One of the most common complaints I hear from IT executives is that they’re no more efficient with electronic communication than they were with paper. Their argument is that there’s so much more being sent to them now than used to be sent on paper, they spend the majority of their time sifting through the bits looking for items relevant to their jobs.
It’s so easy to add someone to the cc line of a message that we all get bombarded with e-mail that we either can’t respond to or don’t know if we’re supposed to answer.
I’ve put together a simple set of rules and suggestions to help CIOs deal with the barrage of e-mail that they receive.
To whom should I address mail?
One of the first issues that causes confusion with new e-mail users (and many veterans) is deciding on which line to place a recipient: To, cc, or bcc. When addressing a message, I recommend that you suggest to e-mail users that they observe the following guidelines:
- To: Put people on this line who are responsible for acting on information in the message body or to those from whom you expect a direct response. Unless the recipient is expected to do something as a result of receiving the mail, then don’t put their name on the To line.
- cc: cc stands for courtesy copy. (E-mail history scholars will argue that this stands for carbon copy, but since none of us has ever gotten his or her hands dirty by reading an electronic piece of correspondence, it really doesn’t seem appropriate to carry this 1970s metaphor forward.) This means that you’re letting these people know about the contents of the message as a courtesy only and you do not expect them either to respond or to act on the basis of receiving the e-mail. In general, you should not hit Reply to All when responding to a cc message. Reply to All should only be used when responding to a message in which you’re included on the To line. As a cc recipient, the sender of the message did not intend to engage you in a dialogue about the subject, but only intended for you to know as a courtesy.
- bcc: bcc means blind courtesy copy. This means that you want someone to know about a message, but you don’t need or want the other respondents to know that others are receiving the message. The most common use for addresses on this line are:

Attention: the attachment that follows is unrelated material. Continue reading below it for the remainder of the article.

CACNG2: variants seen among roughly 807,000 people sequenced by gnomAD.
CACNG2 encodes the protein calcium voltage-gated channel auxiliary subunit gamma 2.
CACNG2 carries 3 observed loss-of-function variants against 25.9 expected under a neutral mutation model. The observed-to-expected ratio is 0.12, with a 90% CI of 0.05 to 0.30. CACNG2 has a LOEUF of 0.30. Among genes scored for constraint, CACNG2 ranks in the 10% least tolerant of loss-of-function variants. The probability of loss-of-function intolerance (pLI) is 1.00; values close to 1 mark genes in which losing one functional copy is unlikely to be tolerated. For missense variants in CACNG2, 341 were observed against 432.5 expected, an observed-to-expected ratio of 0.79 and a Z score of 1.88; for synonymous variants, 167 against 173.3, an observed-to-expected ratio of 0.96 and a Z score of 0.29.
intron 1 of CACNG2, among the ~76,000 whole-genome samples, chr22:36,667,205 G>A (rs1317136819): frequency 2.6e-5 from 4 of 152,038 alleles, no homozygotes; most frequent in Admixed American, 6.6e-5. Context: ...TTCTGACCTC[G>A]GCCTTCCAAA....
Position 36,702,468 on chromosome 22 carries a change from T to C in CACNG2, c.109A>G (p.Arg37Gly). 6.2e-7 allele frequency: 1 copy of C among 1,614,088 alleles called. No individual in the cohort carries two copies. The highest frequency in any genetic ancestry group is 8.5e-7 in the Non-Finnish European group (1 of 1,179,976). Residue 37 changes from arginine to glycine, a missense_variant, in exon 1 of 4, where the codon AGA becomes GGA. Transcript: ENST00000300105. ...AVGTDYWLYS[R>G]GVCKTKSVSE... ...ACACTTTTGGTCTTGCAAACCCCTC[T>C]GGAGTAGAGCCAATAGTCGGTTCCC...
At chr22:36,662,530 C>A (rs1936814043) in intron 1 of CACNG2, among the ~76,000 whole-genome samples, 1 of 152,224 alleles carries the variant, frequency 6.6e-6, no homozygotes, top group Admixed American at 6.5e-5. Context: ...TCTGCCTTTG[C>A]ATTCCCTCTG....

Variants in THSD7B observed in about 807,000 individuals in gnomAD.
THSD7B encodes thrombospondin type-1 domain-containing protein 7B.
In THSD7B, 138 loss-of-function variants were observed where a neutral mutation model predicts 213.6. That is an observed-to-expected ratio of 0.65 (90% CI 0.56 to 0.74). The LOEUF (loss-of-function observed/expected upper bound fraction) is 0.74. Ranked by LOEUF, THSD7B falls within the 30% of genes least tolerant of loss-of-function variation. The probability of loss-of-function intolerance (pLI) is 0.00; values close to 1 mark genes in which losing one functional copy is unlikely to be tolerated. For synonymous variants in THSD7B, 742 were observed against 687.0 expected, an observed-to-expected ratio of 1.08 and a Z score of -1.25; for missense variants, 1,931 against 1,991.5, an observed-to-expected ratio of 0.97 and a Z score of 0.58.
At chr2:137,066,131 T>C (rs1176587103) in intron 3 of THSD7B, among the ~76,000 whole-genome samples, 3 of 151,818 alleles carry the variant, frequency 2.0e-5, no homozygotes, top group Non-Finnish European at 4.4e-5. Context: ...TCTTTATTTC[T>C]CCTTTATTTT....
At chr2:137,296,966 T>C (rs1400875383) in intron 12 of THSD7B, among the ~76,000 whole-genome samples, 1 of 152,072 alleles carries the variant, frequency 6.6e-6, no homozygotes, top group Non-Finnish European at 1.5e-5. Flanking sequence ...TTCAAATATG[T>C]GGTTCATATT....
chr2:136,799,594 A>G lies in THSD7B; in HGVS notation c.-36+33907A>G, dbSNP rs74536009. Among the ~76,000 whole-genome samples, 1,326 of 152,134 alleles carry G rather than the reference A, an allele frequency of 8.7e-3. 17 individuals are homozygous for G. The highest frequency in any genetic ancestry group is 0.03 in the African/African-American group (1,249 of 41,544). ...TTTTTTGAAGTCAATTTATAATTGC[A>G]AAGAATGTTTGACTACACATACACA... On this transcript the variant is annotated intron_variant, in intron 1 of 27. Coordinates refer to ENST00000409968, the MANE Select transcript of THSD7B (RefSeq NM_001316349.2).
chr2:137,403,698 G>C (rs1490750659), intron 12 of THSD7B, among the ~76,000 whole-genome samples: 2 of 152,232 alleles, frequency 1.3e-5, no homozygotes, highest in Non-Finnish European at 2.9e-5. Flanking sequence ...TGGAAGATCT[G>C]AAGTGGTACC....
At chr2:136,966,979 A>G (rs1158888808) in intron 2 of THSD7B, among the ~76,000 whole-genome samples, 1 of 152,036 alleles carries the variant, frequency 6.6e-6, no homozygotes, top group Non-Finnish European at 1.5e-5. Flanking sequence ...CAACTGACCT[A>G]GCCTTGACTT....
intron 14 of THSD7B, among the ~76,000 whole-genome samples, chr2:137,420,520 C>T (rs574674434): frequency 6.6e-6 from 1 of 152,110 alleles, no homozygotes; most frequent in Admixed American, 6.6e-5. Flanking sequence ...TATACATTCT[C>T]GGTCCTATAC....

- Doing broadcast mailings. (Put yourself in the To line and all the broadcast recipients in the bcc line.)
- Sending mail to outside parties and alerting people inside the company that the message has been sent.
Remember that if you put someone’s e-mail address on the bcc line, then the external recipient doesn’t have a copy of the e-mail address, but if you put them on the cc line then the external recipient has the e-mail address (potentially leading to more spam or people making contacts inside the company that were not intended to be allowed by the sender of the message).
Managing your electronic mail account
Once you have a standard set of rules in place for how people use the address lines, you can build your own filtering and mail management capability. Most companies are using electronic mail client software (e.g. Microsoft Outlook) that has the ability to apply rules or filters to incoming mail messages.
In order to make the volume of mail that you receive easier to manage using a rule, just create a folder underneath your Inbox called CCMail. Use the rules capability of your electronic mail client to define a rule that moves any mail that you receive in which you were on the cc line into this folder.
Once you’ve created the rule, applied it to your Inbox, and configured the rule to run on all new incoming mail, the only mail remaining in your Inbox should be there because you need to act on it. You can review the mail in the CCMail folder at your leisure and respond only as necessary.
Electronic mail rules move mail out of your Inbox and into subfolders. Filters, on the other hand, leave the mail in the Inbox, but only show the mail that you ask for. You can use filters to show you only unread mail, mail received in the last seven days, mail marked urgent, etc. All of the mail stays in your Inbox unless you specifically delete it or move it to another folder.
By combining rules and filters, you can arrange your Inbox so that only the most important mail (with you on the To line) is displayed in the most useful format (applying a filter).
When saying too little is saying too much
One final recommendation: Never send a response of five words or less unless the sender specifically requests a response from a predetermined list of choices. (Will you attend the meeting? Yes/No.)
Responding to an e-mail message intended only to convey information only serves to clog up the communications lines more. If you’re the only person on the To line, then it should be understood that if there are actions to take as a result of the message, then you’ll take care of it.
If you’re not going to, then it should require a more detailed response than “no” to explain and sending a response of “OK” or “I’ll take care of it” is unnecessary. By educating your users on proper electronic etiquette, you can get back a couple of hours a week.
Do you have guidelines that you follow when sending e-mail to colleagues? Are there rules that you observe? Share them with us in an e-mail, or post your comments below.